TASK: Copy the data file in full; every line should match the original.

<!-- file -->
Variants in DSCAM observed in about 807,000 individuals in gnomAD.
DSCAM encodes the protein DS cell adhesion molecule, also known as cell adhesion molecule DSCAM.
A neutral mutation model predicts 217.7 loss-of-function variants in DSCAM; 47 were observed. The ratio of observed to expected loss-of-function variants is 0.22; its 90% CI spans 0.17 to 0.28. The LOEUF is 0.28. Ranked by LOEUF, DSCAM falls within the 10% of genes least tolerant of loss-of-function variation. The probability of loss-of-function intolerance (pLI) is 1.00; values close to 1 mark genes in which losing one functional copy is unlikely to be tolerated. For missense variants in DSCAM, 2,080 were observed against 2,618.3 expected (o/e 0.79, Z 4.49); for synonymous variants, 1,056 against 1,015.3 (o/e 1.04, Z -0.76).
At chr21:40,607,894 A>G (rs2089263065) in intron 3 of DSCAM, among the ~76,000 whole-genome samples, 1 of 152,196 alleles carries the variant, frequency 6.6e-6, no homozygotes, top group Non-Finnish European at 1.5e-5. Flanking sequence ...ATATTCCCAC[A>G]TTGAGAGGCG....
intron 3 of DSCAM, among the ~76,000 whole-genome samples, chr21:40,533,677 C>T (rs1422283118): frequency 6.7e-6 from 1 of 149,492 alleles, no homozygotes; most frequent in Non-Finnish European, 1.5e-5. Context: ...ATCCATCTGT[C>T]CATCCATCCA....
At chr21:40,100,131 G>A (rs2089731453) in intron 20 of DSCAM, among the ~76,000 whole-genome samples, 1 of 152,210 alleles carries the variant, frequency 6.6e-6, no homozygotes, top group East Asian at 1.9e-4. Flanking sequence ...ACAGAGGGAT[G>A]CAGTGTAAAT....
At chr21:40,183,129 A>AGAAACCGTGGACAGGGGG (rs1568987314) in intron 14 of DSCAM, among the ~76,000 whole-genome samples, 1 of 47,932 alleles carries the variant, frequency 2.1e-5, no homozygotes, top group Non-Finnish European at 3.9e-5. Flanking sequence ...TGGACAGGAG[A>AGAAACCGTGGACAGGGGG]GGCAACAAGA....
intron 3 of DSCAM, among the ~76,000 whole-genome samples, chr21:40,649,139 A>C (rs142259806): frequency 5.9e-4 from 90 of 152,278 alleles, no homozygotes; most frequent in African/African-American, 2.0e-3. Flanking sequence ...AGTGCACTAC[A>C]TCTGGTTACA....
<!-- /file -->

Variants in DSCAM observed in about 807,000 individuals in gnomAD.
DSCAM encodes the protein DS cell adhesion molecule, also known as cell adhesion molecule DSCAM.
A neutral mutation model predicts 217.7 loss-of-function variants in DSCAM; 47 were observed. The ratio of observed to expected loss-of-function variants is 0.22; its 90% CI spans 0.17 to 0.28. The LOEUF is 0.28. Ranked by LOEUF, DSCAM falls within the 10% of genes least tolerant of loss-of-function variation. The probability of loss-of-function intolerance (pLI) is 1.00; values close to 1 mark genes in which losing one functional copy is unlikely to be tolerated. For missense variants in DSCAM, 2,080 were observed against 2,618.3 expected (o/e 0.79, Z 4.49); for synonymous variants, 1,056 against 1,015.3 (o/e 1.04, Z -0.76).
At chr21:40,607,894 A>G (rs2089263065) in intron 3 of DSCAM, among the ~76,000 whole-genome samples, 1 of 152,196 alleles carries the variant, frequency 6.6e-6, no homozygotes, top group Non-Finnish European at 1.5e-5. Flanking sequence ...ATATTCCCAC[A>G]TTGAGAGGCG....
intron 3 of DSCAM, among the ~76,000 whole-genome samples, chr21:40,533,677 C>T (rs1422283118): frequency 6.7e-6 from 1 of 149,492 alleles, no homozygotes; most frequent in Non-Finnish European, 1.5e-5. Context: ...ATCCATCTGT[C>T]CATCCATCCA....
At chr21:40,100,131 G>A (rs2089731453) in intron 20 of DSCAM, among the ~76,000 whole-genome samples, 1 of 152,210 alleles carries the variant, frequency 6.6e-6, no homozygotes, top group East Asian at 1.9e-4. Flanking sequence ...ACAGAGGGAT[G>A]CAGTGTAAAT....
At chr21:40,183,129 A>AGAAACCGTGGACAGGGGG (rs1568987314) in intron 14 of DSCAM, among the ~76,000 whole-genome samples, 1 of 47,932 alleles carries the variant, frequency 2.1e-5, no homozygotes, top group Non-Finnish European at 3.9e-5. Flanking sequence ...TGGACAGGAG[A>AGAAACCGTGGACAGGGGG]GGCAACAAGA....
intron 3 of DSCAM, among the ~76,000 whole-genome samples, chr21:40,649,139 A>C (rs142259806): frequency 5.9e-4 from 90 of 152,278 alleles, no homozygotes; most frequent in African/African-American, 2.0e-3. Flanking sequence ...AGTGCACTAC[A>C]TCTGGTTACA....